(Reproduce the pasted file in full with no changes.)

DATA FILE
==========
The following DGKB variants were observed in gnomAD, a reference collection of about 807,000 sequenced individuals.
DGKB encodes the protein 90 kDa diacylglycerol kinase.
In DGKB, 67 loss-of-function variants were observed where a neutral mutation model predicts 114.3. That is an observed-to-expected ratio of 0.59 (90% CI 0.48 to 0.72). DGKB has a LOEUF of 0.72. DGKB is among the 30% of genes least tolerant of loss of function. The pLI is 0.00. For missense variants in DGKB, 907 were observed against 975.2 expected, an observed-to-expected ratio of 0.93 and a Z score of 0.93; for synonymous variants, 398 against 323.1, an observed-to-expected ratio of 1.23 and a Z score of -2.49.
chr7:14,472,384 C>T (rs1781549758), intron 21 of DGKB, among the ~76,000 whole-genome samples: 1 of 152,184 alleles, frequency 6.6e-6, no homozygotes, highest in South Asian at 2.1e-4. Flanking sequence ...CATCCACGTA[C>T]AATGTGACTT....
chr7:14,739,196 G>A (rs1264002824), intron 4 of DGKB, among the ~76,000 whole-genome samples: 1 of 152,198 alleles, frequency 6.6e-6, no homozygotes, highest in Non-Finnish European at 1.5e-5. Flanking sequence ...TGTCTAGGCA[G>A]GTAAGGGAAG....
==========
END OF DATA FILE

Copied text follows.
The following DGKB variants were observed in gnomAD, a reference collection of about 807,000 sequenced individuals.
DGKB encodes the protein 90 kDa diacylglycerol kinase.
In DGKB, 67 loss-of-function variants were observed where a neutral mutation model predicts 114.3. That is an observed-to-expected ratio of 0.59 (90% CI 0.48 to 0.72). DGKB has a LOEUF of 0.72. DGKB is among the 30% of genes least tolerant of loss of function. The pLI is 0.00. For missense variants in DGKB, 907 were observed against 975.2 expected, an observed-to-expected ratio of 0.93 and a Z score of 0.93; for synonymous variants, 398 against 323.1, an observed-to-expected ratio of 1.23 and a Z score of -2.49.
chr7:14,472,384 C>T (rs1781549758), intron 21 of DGKB, among the ~76,000 whole-genome samples: 1 of 152,184 alleles, frequency 6.6e-6, no homozygotes, highest in South Asian at 2.1e-4. Flanking sequence ...CATCCACGTA[C>T]AATGTGACTT....
chr7:14,739,196 G>A (rs1264002824), intron 4 of DGKB, among the ~76,000 whole-genome samples: 1 of 152,198 alleles, frequency 6.6e-6, no homozygotes, highest in Non-Finnish European at 1.5e-5. Flanking sequence ...TGTCTAGGCA[G>A]GTAAGGGAAG....